Posts Tagged construction

OSHA Standard 29 CFR 1926 Subpart AA: Construction vs. Maintenance Work

The addition to OSHA Standard 29 CFR 1926 was designed to protect employees engaged in construction activities at work sites with one or more confined spaces.

A confined space is not designed for human occupancy. It has limited means of entering or exiting and can have a potentially hazardous atmosphere. Confined spaces may be poorly ventilated and, as a result, lack adequate oxygen or contain dangerous levels of toxic gases.

Before standard 29 CFR 1926, OSHA’s confined space regulations only applied to general industry. A gap grew obvious when the department of labor statistics reported most confined space fatalities were occurring during construction activities.

The new standard is very similar to the previous one, but applies directly to work in construction. It requires a permit to enter, pre-entry testing and continuous monitoring while inside the confined space.

While this new standard closes the gap in construction work, it leaves out one important component: maintenance.

Read the rest of this entry »

, , , , , , , , ,

Leave a comment

TSI introduces environmental DustTrak for long-term monitoring

I know, I know. I haven’t posted anything in a while. I’d like to think of it as a summer vacation, but it reallyenvdt_closed wasn’t. But enough about me…

Over the summer, TSI introduced its new DustTrak which has been specifically redesigned for long-term outdoor environmental monitoring. While throwing the desktop version into a Pelican case or the other environmental enclosure works fine for short-term projects, the newer version is more rugged and designed specifically for long-term outdoor use.

Read the rest of this entry »

, , , , , , , , , , ,

Leave a comment

Construction Workers Should Have More Protection From Silica Dust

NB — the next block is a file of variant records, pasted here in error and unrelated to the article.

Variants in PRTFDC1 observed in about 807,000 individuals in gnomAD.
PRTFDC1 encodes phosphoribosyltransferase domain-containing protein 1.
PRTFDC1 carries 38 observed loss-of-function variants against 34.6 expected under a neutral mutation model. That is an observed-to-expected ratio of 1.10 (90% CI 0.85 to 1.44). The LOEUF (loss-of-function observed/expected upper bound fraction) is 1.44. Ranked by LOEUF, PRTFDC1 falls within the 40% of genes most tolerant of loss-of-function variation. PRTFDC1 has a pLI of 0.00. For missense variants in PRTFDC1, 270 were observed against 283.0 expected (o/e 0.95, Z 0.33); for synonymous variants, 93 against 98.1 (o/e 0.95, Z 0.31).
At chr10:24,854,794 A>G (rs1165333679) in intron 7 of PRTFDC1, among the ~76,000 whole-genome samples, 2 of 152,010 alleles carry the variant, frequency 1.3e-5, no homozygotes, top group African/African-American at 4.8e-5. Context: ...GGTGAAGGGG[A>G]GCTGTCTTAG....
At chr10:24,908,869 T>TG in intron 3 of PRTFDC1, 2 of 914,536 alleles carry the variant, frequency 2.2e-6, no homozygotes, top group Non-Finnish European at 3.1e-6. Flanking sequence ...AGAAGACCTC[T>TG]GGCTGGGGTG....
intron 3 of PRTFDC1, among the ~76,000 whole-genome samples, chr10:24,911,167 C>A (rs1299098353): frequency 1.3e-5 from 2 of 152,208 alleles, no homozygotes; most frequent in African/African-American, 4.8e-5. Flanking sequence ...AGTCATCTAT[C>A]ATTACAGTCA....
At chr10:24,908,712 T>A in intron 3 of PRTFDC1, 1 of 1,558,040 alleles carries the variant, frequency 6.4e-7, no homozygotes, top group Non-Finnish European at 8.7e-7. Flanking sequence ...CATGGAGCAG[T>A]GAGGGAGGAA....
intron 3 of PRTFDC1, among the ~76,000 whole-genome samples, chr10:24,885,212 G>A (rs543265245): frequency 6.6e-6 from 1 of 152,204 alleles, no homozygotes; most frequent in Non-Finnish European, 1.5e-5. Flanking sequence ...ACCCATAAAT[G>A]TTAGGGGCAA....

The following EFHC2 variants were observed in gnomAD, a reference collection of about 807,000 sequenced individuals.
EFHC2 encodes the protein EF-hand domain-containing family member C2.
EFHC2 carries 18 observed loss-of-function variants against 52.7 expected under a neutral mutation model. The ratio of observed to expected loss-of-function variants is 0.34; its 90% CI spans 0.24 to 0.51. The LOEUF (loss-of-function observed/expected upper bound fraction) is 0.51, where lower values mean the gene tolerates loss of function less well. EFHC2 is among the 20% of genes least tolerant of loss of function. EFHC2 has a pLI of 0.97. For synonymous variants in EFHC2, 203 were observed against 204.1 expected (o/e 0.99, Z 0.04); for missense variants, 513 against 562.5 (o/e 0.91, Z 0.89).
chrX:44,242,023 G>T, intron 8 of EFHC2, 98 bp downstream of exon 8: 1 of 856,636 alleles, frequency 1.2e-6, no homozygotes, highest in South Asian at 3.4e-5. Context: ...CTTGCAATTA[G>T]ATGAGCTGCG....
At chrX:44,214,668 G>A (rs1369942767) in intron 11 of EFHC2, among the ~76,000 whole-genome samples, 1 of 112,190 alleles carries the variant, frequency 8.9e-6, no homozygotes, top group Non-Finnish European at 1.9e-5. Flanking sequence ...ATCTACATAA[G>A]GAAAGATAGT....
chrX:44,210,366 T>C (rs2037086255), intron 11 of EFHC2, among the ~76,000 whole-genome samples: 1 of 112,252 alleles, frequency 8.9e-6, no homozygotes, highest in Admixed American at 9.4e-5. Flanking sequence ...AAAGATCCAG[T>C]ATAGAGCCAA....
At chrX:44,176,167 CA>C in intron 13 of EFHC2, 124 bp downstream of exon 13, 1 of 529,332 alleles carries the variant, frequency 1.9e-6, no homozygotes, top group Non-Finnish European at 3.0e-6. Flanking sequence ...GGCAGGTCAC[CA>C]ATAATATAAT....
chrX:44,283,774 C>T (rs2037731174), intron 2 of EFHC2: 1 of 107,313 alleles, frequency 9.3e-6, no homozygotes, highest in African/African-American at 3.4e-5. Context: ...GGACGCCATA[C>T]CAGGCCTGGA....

roadconstructionIf you haven’t heard that silica dust can cause silicosis and can also lead to lung cancer, you’ve had your head in the sand for too long.

Sand. Silica dust. Get it? Ok, that was lame…

Anyway, it shouldn’t come as a surprise that this continues to be an area of concern. In the most recent issue of CA: A Cancer Journal for Clinicians, a new report finds that more should be done to reduce workers from exposure to silica dust. Researchers call for stronger regulations, increased awareness and prevention, and greater attention to early detection of silicosis and lung cancer using low-dose CT scanning.

The article on the NIH website states:

Read the rest of this entry »

, , , , , , ,

1 Comment

Noises off (a study in hearing protection)

Forgive the theater reference. I was reading a study from the University of Washington about noise exposure and found something interesting.  It stated that sheet metal workers were wearing hearing protection around 90% of the time when noise levels were above 85 dBA (OSHA’s standard for maximum exposure) when maintaining and fabrication metal products.

So they wear hearing protection when they are working? That makes sense, right? Don’t get me wrong: 90% compliance is great. But what I found interesting was how much that number dropped when workers were doing everything else.

Read the rest of this entry »

, , , , , , , , ,

Leave a comment